Occupational therapists will assess the patient’s ability to perform more detailed activities involved in "real life" such as getting dressed, using the bathroom and daily personal hygiene.

Speech language pathology

Speech language pathologists will assess and, if necessary, help improve problems with speech, language or thinking. They are also able to assess patients who may have problems with swallowing.

Home care

Before being released from the hospital, the patient’s doctors and nurses will teach the patient and his/her family about home care and what to expect during the healing process. The instructions will also cover when to call  or the doctor:

Call right away if the patient:

  • Has trouble breathing
  • Has a seizure and has not had one before
  • Has more seizures than usual
  • Has a different type of seizure than usual

Call the doctor if the patient:

  • Has trouble urinating (peeing)
  • Cannot control the timing of urination or a bowel movement
  • Is confused or has trouble remembering things
  • Has hallucinations
  • Has major changes in mood or behavior
  • Has difficulty seeing or hearing
  • Is much more tired than usual or has difficulty waking up
  • Is nauseous or vomits
  • Feels weakness in the arms or legs or you has trouble walking
  • Has more or worse headaches than usual
  • Has a tingling feeling (pins and needles) or numbness (no feeling) in the face, arms or legs
  • Faints or has a seizure
  • Has difficulty talking
  • Is more sensitive to light, has a stiff neck, or has a fever higher than 38º Celsius
  • Has a red, swollen or painful calf


Driving after surgery is dependent on the extent of the surgery and the patient’s recovery; additionally, having seizures may limit driving for a time. Usually post-op visits are approximately 2 weeks after surgery and clearance to drive is evaluated at that time.

Driving during surveillance only treatment and radiation, also depends on the presence of seizures, otherwise driving is not restricted.


Traveling after surgery depends on the extent of the surgery, the patient's recovery and planned treatment. It is also dependent upon the destination. Traveling after surgery and during surveillance and radiation should be discussed with the healthcare practitioner on an individual basis.


Working after surgery depends on the extent of the surgery, the patient’s recovery and the type of activity involved in the job. Generally returning to work in 6 to 8 weeks is reasonable. Certainly the ultimate decision will be decided upon individually between the and the patient.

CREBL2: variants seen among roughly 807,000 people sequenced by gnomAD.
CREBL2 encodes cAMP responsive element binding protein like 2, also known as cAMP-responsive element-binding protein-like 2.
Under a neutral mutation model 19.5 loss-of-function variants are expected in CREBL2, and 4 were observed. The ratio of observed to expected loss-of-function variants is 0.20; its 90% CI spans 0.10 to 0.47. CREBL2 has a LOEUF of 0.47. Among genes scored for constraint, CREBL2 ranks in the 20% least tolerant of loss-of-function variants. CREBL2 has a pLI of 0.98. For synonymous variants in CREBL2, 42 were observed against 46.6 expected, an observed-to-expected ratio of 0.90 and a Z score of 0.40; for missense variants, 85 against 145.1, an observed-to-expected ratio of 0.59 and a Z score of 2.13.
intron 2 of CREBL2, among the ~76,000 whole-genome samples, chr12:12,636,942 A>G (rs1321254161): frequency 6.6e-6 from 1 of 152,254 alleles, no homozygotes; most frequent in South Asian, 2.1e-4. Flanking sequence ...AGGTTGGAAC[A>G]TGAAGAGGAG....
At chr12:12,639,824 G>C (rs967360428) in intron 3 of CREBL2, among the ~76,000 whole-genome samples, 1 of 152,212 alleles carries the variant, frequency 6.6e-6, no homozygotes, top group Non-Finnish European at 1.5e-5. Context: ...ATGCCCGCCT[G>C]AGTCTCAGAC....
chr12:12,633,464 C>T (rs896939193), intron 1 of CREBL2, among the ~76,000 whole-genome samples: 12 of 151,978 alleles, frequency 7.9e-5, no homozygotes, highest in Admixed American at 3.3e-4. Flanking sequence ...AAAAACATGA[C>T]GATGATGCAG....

Working during radiation can be arranged to fit in to the patients work schedule. Stereotactic radiation is a single treatment and fractionated radiation takes only minutes each day. If a patient lives a long distance from the hospital the possibility of having daily radiation at a local facility may be an option.

Eating and Drinking (Nutrition)

Prior to surgery patient will have been instructed to stop eating and drinking after midnight the evening before. After surgery the patient's diet will be progressed slowly as the patient tolerates, beginning as soon as the day of surgery. Due to general anesthesia and pain medications affecting the digestive system the patient may experience bowel changes. The most common is constipation which will be treated with medication.

Digestive issues related to radiation therapy are not common, though keeping in mind the differences of each patient, any discomfort can be treated.


Activity after surgery depends on the extent of the surgery, the patients recovery and the type of activities in question. Patients are typically assisted with getting out of bed on the first or second post-operative day. Moving around is encouraged, should start slowly and progress as the patient is able. The ultimate decision regarding extreme sports/activities will be decided upon individually between the health care practitioner and the patient.

Activity/exercise/sports during surveillance and radiation are not limited.


Regular medications such as vitamins, and many other prescription medications will be continued while the patient is in the hospital and can be continued upon discharge after surgery. Regular medications are not disrupted during surveillance and radiation.

Medications specific to the brain tumor and/or surgery such as steroids, anti-seizure medications, medications for dizziness, pain and nausea/vomiting will be adjusted by the health care practitioner after surgery according to the patient's individual needs. Also these medications are not disrupted during surveillance, radiation.

Sexual Activity

Sex before and after surgery is only limited by the patient’s ability and desire. Sex during surveillance and radiation is not discouraged.


Pregnancy prior to surgery and during radiation is not advised due to the risks of anesthesia, certain medications and radiation on the unborn embryo/fetus. The timing of pregnancy after surgery and radiation, and during surveillance should be decided upon individually between the and the patient.

Pregnancy Prevention

Pregnancy prevention methods that require hormone administration may have an effect on certain types of tumors and their use in general should be discussed with the; any barrier method of contraception is acceptable at any time and with any type of treatment.